Everybody is Talking About...Favorite Childhood Memories

My Brother, Barry and I at Duxbury Beach 1959

The Beach, Parades and Hoodsies
A recent visit to my cousin's home created an avalanche of childhood memories.  We laughed ourselves silly, remembering our antics together and with our other cousins. 

As I reminisced, later, I realized that there are recurring themes in my memories.  The beach, parades and Hoodsies all hold a prominent place in the slide show of my formative years.

The beach was just three blocks from my home growing up.  I swam before I could hardly walk!  Some of my happiest times were playing in the sand at the L Street Bathhouse in South Boston.  

The Bathhouse was built thanks to James Michael Curley, Mayor of Boston, back in the day and was divided into three sections - the boys', men's and women's bathhouses. My mother, one of the first women life guards in Boston on a public beach, took us to the "L", as it was fondly called, almost every day in the summer.  

I remember leaving early in the day with a lunch backed and stored under the baby carriage along with pails, shovels, towels and a huge Army blanket. Like a band of traveling tinkers, we would march down the street with all our paraphernalia for a day at the beach.  We would play for hours regardless of whether the tide was in or out.  (Most of us kids loved low tide, because we could dig in the sand and create massive castles.)

The second theme - parades - ranked a close second on the favorite memories scale.  Being a child of Southie, the St. Patrick's Day Parade was in my blood.  I don't remember ever not going to the parade.  Momma had our spot at the corner of L and Broadway.  We would sit on the curb, clapping and cheering as the bands and floats went by.  Sometimes, politicians would stop to talk to Momma.  I didn't know who they were, or that they talked to everyone they hoped would vote for them, I simply thought my Mom was very important.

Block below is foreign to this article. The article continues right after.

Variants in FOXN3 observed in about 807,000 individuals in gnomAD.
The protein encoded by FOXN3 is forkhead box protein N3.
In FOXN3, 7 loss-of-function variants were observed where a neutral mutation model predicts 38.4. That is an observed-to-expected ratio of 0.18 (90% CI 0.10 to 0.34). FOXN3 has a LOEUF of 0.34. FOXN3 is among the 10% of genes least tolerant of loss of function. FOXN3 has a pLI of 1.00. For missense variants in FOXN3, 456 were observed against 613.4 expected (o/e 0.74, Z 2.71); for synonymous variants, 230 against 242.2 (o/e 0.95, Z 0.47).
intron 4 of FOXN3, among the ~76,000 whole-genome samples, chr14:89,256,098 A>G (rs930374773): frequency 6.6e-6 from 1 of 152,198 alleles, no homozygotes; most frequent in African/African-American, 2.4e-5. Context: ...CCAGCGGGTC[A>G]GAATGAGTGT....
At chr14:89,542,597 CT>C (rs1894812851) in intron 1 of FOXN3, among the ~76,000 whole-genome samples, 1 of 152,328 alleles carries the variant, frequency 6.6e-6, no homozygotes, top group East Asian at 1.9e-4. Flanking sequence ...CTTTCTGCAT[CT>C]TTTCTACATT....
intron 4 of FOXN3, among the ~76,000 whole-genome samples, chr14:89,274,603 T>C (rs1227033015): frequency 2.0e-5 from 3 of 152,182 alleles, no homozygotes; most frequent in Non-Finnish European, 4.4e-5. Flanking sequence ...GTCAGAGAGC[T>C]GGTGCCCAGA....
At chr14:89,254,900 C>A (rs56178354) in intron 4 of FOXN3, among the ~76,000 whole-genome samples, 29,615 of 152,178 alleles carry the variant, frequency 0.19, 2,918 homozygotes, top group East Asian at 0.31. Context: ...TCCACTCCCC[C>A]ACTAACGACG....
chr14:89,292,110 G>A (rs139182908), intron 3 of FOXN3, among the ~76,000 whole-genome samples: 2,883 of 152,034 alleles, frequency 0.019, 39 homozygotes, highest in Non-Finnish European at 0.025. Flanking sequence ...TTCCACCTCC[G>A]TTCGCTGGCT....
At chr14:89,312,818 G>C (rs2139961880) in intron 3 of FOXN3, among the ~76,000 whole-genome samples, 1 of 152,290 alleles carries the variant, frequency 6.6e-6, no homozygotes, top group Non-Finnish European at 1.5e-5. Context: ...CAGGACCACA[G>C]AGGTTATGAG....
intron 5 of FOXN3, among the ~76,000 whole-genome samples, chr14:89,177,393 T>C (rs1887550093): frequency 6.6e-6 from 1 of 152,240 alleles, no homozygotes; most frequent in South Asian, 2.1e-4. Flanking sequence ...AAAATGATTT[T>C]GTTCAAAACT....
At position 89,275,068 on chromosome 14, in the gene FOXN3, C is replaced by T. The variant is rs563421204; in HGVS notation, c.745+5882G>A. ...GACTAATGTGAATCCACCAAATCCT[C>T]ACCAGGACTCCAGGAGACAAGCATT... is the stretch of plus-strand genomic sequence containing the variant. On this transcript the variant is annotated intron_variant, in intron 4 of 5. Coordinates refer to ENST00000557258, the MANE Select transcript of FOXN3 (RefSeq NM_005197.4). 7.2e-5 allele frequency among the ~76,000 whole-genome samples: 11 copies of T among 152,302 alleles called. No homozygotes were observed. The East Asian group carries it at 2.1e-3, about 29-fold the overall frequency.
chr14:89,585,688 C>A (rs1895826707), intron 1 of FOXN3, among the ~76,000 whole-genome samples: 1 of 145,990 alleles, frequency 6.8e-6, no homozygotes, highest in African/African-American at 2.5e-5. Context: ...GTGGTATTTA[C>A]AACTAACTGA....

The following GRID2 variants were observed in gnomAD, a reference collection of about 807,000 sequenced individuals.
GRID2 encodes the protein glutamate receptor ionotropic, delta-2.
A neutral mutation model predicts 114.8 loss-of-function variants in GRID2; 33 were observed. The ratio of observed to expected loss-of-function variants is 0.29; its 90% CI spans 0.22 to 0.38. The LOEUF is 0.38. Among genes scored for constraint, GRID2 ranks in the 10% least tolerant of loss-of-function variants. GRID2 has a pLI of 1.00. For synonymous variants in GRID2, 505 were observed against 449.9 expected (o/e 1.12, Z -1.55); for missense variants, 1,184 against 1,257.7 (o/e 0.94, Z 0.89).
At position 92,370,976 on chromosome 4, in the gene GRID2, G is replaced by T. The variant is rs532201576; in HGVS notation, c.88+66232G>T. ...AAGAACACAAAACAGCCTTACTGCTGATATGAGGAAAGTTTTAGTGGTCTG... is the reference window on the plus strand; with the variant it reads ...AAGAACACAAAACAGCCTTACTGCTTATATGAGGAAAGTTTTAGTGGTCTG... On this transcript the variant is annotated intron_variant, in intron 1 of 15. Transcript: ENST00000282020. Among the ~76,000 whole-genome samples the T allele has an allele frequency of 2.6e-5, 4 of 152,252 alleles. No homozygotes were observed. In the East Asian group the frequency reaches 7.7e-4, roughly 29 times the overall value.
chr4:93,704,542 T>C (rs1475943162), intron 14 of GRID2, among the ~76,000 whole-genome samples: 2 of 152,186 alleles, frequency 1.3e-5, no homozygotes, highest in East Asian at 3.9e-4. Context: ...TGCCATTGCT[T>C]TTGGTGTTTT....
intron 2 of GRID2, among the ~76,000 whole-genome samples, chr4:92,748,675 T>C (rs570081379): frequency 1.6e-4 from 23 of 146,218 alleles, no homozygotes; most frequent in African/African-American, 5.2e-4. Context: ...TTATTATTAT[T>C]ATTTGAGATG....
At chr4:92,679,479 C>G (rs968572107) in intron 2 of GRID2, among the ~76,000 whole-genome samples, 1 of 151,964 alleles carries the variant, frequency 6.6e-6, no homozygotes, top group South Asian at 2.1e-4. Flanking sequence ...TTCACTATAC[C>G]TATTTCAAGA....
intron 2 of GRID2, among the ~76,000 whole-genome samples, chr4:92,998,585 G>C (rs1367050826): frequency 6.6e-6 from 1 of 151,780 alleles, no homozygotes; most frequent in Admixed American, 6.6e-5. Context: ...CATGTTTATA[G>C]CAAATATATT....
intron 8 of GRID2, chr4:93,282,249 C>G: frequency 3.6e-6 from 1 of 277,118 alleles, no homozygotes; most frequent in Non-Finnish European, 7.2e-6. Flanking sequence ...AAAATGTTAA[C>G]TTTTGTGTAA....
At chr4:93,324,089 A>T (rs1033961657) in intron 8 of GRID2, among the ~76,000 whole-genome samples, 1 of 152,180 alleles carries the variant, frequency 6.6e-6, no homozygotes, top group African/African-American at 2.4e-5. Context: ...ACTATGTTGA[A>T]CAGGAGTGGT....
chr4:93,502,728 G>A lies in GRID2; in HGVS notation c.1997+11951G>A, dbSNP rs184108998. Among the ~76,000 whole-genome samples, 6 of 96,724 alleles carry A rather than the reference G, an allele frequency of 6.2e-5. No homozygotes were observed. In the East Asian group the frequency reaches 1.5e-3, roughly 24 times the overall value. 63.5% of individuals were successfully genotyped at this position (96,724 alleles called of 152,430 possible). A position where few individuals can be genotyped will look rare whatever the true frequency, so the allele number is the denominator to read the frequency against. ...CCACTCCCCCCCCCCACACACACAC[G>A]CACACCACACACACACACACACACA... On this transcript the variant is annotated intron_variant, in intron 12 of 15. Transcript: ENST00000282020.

The final theme - Hoodsies - threaded its way through both the beach and parades.  Hoodsies are a local treat of vanilla and chocolate ice cream in a small waxed cup, which was always accompanied by a wooden spoon.  

We loved to let the ice cream get all soft so we could swirl it around in the cup and then drink it.  Hoodsies at the beach cooled you down.  Hoodsies at the parade, which was held on or around March 17, were a promise that warmer days were ahead.

So, why am I waxing nostalgic today?  Because I am part of a Blog Party/Tour to kick off author, Steena Holmes' new book, Finding Emma.  The tour will run June 4 --29 with a guest post here on June 12.

Steena Holmes

 In the meantime, here is the synopsis of the story to peak your curiosity.

Finding Emma has quickly become a bestseller. Proceeds from each book will be donated to The Missing Children's Society of Canada - an organization dedicated to reuniting families. Visit www.mcsc.ca for more information. 

If you comment on today’s post on this blog or any of the others participating the Everybody’s Talking About Favorite Childhood Memories day, you’ll be entered to win a signed copy of Finding Emma! 

To read Steena’s about childhood memories and view a list of other blogs participating in the Everybody’s Talking About Favorite Childhood Memories day please visit The Muffin (http://muffin.wow-womenonwriting.com/

A Story of Hope, and a Mother's Unending Devotion: Emma has been missing for two years. When Megan takes a photo of a little girl with an elderly couple at the town fair, she believes it to be her missing daughter. Unable to let go, she sets in motion a sequence of events that could destroy both families’ lives. 

Check out the Women on Writing blog for more information and a list of blogs on the tour.


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Steena Holmes said…
Growing up so close to the beach as well, it's amazing how crucial it plays in our memories ;) Thanks for sharing these and for joining in on the fun! The woodsies caught my attention for sure as soon as I saw the word chocolate :)
J.C. Nierad said…
Some interesting history tied in with your memories! I like how you remember thinking your mom must be important if the politicians stopped to talk with her. Thanks for sharing your memories. J.C.

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